There is no doubt about it, in Hospitality the hours can be long, inconsistent and draining. You give of yourself every shift to cater to your customers, to look after your staff, and to have a great venue. It can leave you feeling wrought out, tired, and sometimes it can lead to burn out…
"Stop and think about being more customer focused and on making others feel good when they walk in to our venues"
Hospitable Hospitality, what does it really mean? I spend the majority of my time analysing Hospitality and Tourism businesses from an outsider’s perspective; looking at the business as a whole including financially, from a customer’s perspective, and in terms of how they market the venue. I even do it when I’m not working, when I’m out to dinner with my partner or friends. It’s a part of my brain that doesn’t turn off.
Guest Blogger: Hoang Nguyen
Meet Hoang Nguyen, Hoang is an International student and Uni SA Marketing graduate. In January 2017 Hoang decided to pursue his passion for cooking by starting further study in Commercial Cookery at TafeSA and leaving other work commitments aside. Hoang states “It is not an emotional decision but rather a rational one because I am very passionate about the Hospitality and Tourism industry.”
Hoang was lucky enough to be involved in Tasting Australia event, held in Adelaide recently. Here’s what he had to say about it.
Tasting Australia has been an amazing experience for me as I have a passion for cooking a dream of working in high-end restaurants one day. The food was incredible and to get to work alongside such a high calibre of chefs was a dream come true.
Each plate of food brings not just flavours of South Australia but a story behind it. The below Albacore Tuna dish by Chef Josh Niland, of Sydney’s Saint Peter Restaurant was prepared with a freshly caught Albacore tuna in SA.
The whole fish was brought to the kitchen fresh and un-gutted.
As a commercial cookery student, it was quite an opportunity to learn from renowned chefs across Australia. Being able to see what chefs can do with the some of the greatest produce that South Australia has to offer is much more rewarding when you are involved in the process of food preparation.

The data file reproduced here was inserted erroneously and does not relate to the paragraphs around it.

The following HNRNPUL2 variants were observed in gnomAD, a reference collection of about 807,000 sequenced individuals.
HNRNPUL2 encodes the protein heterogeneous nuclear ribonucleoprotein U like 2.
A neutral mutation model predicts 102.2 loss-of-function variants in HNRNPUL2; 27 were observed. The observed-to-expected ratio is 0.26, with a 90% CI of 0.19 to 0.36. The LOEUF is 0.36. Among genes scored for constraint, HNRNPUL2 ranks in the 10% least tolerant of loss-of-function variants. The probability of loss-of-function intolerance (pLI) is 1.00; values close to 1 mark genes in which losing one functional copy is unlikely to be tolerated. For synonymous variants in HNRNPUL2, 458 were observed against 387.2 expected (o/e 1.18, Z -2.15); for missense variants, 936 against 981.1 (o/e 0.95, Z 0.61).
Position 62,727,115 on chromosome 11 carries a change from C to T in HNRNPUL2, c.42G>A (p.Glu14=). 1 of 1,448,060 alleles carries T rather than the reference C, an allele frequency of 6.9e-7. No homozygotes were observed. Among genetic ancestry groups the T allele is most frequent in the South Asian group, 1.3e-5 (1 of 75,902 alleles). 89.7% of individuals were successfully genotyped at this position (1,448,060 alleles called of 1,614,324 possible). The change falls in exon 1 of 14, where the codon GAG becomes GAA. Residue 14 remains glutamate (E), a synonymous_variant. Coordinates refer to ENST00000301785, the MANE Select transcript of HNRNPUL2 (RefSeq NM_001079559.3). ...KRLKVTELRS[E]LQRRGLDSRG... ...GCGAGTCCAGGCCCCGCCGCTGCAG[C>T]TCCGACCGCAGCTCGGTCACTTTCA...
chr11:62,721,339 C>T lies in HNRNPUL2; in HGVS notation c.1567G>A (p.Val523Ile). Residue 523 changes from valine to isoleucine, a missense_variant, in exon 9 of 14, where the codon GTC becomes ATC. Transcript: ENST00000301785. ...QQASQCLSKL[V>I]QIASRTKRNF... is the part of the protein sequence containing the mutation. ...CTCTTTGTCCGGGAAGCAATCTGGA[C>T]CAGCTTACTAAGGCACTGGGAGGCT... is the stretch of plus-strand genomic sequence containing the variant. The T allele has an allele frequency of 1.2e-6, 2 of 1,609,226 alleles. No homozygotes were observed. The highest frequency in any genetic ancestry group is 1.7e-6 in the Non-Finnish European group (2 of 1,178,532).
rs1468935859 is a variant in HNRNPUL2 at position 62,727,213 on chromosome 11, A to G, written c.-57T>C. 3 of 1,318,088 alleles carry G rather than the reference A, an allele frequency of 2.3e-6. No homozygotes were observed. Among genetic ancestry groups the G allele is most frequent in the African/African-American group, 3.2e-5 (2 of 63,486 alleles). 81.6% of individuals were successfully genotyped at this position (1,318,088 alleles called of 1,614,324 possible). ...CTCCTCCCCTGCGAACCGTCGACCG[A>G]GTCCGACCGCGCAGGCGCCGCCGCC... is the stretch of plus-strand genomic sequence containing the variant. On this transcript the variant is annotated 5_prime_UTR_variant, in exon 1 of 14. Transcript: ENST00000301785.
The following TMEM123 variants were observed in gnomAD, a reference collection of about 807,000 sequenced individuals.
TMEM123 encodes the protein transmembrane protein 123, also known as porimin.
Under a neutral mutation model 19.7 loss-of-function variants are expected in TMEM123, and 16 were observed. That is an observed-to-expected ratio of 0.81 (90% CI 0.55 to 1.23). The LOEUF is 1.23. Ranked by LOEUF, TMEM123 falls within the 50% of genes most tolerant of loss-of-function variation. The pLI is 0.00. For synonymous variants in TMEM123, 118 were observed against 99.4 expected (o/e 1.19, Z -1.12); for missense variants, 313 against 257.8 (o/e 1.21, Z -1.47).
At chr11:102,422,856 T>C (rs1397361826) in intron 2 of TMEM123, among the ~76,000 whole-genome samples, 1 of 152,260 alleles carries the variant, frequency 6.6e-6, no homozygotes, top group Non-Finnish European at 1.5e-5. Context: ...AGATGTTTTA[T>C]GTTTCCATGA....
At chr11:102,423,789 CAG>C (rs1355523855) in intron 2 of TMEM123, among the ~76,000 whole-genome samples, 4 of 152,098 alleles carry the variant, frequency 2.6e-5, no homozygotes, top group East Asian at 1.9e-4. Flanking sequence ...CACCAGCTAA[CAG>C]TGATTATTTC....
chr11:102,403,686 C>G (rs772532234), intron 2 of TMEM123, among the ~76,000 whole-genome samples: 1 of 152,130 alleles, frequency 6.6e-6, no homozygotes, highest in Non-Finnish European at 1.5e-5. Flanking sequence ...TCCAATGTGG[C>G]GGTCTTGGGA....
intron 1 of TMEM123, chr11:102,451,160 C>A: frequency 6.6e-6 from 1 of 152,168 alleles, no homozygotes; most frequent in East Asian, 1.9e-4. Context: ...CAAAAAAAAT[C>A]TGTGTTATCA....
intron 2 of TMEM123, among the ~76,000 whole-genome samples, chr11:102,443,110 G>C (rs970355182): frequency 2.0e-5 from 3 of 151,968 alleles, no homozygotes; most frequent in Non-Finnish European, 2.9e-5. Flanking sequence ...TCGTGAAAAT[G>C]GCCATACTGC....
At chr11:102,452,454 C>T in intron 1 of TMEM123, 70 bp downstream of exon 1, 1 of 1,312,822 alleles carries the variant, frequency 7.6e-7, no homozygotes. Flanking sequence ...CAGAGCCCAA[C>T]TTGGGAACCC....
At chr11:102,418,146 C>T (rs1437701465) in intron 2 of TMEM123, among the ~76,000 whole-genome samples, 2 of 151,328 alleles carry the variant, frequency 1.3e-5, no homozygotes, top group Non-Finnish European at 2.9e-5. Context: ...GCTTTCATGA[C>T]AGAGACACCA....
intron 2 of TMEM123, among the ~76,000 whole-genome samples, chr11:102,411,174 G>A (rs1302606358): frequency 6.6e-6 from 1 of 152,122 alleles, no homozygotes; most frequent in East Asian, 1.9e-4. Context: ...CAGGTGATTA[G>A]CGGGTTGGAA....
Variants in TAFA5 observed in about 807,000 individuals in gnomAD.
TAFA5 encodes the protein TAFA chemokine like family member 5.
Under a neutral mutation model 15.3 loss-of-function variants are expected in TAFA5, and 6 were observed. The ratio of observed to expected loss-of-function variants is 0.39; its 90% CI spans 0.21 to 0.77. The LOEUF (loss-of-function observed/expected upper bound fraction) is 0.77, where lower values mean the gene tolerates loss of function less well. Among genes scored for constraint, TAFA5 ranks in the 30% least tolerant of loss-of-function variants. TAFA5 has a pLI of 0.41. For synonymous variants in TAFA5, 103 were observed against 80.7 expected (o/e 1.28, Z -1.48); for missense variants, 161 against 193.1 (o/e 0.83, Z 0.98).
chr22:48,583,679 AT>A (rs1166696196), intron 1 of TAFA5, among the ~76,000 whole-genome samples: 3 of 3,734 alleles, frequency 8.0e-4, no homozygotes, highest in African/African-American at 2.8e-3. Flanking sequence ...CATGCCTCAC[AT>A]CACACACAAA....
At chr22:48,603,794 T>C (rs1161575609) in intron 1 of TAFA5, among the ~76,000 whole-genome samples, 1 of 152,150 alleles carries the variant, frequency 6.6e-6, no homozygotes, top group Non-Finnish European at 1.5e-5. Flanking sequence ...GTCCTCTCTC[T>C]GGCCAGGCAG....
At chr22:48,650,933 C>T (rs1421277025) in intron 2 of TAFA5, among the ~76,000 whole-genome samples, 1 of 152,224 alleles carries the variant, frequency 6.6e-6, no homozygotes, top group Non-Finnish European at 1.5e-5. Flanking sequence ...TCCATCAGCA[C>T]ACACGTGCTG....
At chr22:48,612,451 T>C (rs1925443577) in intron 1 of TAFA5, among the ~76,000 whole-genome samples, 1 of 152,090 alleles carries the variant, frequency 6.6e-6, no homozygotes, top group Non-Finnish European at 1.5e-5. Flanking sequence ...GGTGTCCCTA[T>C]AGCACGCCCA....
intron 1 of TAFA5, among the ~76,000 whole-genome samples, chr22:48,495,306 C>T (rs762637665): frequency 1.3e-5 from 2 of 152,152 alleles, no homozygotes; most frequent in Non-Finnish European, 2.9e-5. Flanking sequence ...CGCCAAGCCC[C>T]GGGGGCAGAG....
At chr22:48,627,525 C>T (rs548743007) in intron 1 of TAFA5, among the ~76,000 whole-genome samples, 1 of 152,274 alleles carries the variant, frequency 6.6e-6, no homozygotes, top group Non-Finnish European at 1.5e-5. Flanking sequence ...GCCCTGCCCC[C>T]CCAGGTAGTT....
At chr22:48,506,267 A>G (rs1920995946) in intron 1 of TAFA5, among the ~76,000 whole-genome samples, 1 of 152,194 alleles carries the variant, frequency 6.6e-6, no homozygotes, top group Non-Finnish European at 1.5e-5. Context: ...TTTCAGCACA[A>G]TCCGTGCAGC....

At cookery school, we learn that Mise en place is one of the most crucial parts of a successful service. Basically it means that the better you prepare for your service such as picking herbs, pre-cooking some elements, organising your section, the better you’ll be during service. Good Preparation is key.
But my goodness me, these chefs have raised the bar!
In my first shift of the week, myself and two volunteers were asked to prepare the herbs for dinner service.
We spent 4-5 hours picking, washing and counting every single leaves. Everything was prepared and calculated precisely to ensure we had extra for service, with 200 guests dining with us that evening, that’s a lot of herbs to pick!
This approach helps chefs estimate how much food is required and how many portions are ready for service, which in turn help them communicate better with front of house staff.
There is such a level of detail to get all the elements of a dish on to the plate. You can see in the picture the counts on each tub, Yep, we counted all of them! After picking leaves, washing, counting and washing again!
All herbs were labelled and placed in a particular spot in the cool room for each dish so that chefs knows exactly where every element of every dish is. This approach ensures that anything and everything is good to go.
Learning to cook is also learning to plan, demonstrating just how much effort goes in to getting great food on to your plate. Great produces and a polished product comes with great preparation.
Once a job is finished, everything was cleaned down until spotless and the section was ready for the next service and the next onslaught of preparation.
Service done. Cleaning begins.
Until spotless. And then the cycle of service begins again.
Kate Bickford MD & Owner - BK AGENCY: